Premier League's £3 million investment to transform women's football pyramid

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Newcastle United celebrated a record-breaking crowd at St James' Park this FA WNL season (Picture: Richard Callis/SPP)
Newcastle United celebrated a record-breaking crowd at St James' Park this FA WNL season (Picture: Richard Callis/SPP)

By Rachel Steinberg

A £3 million boost from the Premier League is set to transform the women’s football pyramid.

The English men’s top-flight will allocate £1m per season to the FA Women’s National League (FA WNL), steps three and four of the women’s domestic game, to support its new strategy launched on Tuesday.

The Women’s National League has also submitted a formal request to the Women’s Football Board to add an additional promotion place, which could see two sides granted a Championship berth as early as next season if approved.

FA WNL Management Committee Chair Carol West hopes the success of Saturday's Championship play-off can at least kick-start the conversation.

“To stifle progression is contradictory to what the strategies are there to do, to try and push forward,” West said.

“Obviously that depends on whether the WSL and Championship board and clubs will go for that. So hopefully the success of the weekend[’s final] is that sort of catalyst for that launch of the strategy, to push forward with that, and obviously a catalyst for change in recognising that one down from tier two to tier three just isn’t [enough].

“It’s grossly unfair, and contradictory to the strategy and what we’re trying to achieve.

“I’ve pointed out that it’s not healthy for the game. Clubs go into a new season in tier three knowing that they’ve got a minimal chance of getting promoted, even if they finish as champions.

"I don’t think it’s healthy for the game at tier two for clubs to go into the season knowing there’s minimum jeopardy, and all they’ve got to do is be the second-worst team to avoid relegation.”

Saturday’s play-off at Stockport County's Edgeley Park was ultimately won by second tier-bound Southampton FC, coached by ex-England international Marieanne Spacey-Cale, who won 91 caps for England.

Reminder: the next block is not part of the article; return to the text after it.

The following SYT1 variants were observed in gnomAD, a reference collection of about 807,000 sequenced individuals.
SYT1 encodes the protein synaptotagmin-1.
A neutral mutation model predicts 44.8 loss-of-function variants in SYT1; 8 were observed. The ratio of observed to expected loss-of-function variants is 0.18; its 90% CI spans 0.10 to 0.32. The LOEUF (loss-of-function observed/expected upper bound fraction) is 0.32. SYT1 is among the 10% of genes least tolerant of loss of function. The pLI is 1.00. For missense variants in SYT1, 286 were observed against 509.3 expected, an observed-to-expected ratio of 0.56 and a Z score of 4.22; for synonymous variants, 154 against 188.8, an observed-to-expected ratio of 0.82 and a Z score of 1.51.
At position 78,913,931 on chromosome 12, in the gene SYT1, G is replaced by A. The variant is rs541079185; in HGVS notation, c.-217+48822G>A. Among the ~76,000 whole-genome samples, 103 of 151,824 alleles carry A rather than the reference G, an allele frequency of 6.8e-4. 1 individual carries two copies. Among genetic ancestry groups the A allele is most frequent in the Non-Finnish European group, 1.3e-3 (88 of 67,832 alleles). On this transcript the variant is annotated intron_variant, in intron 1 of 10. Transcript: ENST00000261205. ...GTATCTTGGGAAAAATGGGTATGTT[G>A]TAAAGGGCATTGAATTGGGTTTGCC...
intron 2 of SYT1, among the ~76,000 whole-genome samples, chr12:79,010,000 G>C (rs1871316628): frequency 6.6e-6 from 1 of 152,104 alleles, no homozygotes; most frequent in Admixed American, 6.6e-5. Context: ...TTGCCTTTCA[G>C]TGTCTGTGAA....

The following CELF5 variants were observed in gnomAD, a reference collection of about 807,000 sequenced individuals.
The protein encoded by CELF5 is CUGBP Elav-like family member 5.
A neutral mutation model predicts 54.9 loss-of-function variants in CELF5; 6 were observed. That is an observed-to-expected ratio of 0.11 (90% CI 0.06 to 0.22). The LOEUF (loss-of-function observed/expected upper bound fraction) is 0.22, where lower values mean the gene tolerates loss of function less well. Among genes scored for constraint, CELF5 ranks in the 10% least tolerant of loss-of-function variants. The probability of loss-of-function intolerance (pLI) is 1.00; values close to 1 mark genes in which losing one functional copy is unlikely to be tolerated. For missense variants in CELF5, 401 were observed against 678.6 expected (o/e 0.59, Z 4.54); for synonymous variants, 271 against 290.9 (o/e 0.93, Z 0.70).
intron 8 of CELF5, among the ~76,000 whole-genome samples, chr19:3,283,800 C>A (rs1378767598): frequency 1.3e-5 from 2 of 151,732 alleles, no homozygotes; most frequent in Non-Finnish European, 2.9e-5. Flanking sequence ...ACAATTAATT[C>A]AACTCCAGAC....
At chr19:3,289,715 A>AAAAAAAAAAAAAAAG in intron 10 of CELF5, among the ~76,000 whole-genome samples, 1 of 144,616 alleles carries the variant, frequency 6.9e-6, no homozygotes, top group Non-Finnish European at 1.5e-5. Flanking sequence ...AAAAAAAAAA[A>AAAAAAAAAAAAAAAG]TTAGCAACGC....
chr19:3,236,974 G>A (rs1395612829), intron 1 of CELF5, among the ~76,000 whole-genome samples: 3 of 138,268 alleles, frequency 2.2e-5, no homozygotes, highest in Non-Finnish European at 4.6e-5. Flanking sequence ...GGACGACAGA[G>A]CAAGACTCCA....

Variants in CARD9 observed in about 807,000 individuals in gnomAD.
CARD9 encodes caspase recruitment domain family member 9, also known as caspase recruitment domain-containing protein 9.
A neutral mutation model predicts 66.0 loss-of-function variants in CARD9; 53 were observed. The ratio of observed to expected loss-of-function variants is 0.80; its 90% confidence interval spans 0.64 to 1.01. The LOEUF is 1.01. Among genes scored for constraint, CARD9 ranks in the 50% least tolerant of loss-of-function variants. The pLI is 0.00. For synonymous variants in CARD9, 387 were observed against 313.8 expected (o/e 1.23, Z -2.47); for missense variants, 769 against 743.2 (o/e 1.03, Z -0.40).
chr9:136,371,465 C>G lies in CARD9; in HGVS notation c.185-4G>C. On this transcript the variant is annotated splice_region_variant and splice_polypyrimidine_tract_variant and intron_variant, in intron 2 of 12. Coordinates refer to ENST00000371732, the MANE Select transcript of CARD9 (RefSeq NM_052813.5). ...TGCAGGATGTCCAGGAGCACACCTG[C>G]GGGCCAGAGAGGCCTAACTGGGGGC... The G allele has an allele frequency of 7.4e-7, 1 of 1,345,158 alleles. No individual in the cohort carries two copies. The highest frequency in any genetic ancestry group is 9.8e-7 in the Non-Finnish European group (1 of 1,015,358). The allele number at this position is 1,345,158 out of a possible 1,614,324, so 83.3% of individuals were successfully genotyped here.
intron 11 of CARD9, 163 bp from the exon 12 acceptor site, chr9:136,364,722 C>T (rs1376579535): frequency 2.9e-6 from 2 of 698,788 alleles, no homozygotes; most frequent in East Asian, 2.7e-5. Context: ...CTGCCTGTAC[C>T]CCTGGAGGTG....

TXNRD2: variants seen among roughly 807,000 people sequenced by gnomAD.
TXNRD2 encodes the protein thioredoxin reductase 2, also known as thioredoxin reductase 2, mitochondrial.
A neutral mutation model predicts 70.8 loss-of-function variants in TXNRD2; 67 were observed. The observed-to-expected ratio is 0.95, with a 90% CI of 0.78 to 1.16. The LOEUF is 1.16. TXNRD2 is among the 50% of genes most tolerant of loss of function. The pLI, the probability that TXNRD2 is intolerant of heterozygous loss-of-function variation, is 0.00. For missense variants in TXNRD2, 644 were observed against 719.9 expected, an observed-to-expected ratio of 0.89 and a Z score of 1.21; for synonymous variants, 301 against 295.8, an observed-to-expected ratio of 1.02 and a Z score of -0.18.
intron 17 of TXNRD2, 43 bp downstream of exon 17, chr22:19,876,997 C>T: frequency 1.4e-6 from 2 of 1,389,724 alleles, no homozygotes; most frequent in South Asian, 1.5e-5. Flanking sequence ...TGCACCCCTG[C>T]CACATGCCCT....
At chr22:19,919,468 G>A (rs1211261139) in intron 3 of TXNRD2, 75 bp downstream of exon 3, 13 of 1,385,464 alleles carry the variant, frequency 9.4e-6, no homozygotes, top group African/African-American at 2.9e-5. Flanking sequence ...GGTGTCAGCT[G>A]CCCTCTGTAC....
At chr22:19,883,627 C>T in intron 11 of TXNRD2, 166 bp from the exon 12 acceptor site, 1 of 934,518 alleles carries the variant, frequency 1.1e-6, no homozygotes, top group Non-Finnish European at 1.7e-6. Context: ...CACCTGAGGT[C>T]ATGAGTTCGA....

The Southern Premier Division side won 22 of 26 games this season while their opponents, Wolverhampton Wanderers, won 18 of 24 in the Northern Premier Division.

The play-off, broadcast on BBC platforms for the first time in league history, sparked impassioned calls on social media for pyramid reform at the end of a season that West agreed was unlike any other.

“It was the biggest weekend for the league in years,” she said. “Sky Sports was there. The media box was full. We got several radio stations covering it as well. There was a huge amount of media attention and rightly so.”

The Premier League investment will support every strand of the eight-pillar strategy, with proposed initiatives ranging from coach education to hiring consultants to work in specific areas, offering tailored support in a six-division league, with an additional five-division reserves section, that varies wildly.

Some sides, like Wolves and tier-four Newcastle United – who saw a season domestic women’s club league record 20,241 fans turn out to their first match at St James’ Park earlier this month – are affiliated with big-name clubs, while others operate independently.

The National League doesn’t see any of the sponsorship or broadcast deal money from what is thought to be a £24 million agreement on Sky Sports and the BBC, with WSL sponsor Barclays also coming on as the first title sponsor for the Championship next season.

It’s why West is so fond of FA Director of Women’s Football Baroness Sue Campbell’s analogy - 'making sure that the head doesn’t leave the body’ - in terms of tiers one and two and the rest of football as the women’s game continues to grow.

“It’s really important that we can make sure that our clubs are promotion-ready, that we can support them," she said.

"Once you focus on that promotion to the professional game, the club involves into an entity that has to operate on a commercial and professional footing, whereas amateur clubs don’t need to do that.

“There’s a lot of work to do around that, which is why the Premier League money is so vital.

“Without the funding, the strategy would mean nothing. We are a big league, and we’ve got to squeeze every penny out of that million pounds per year.”

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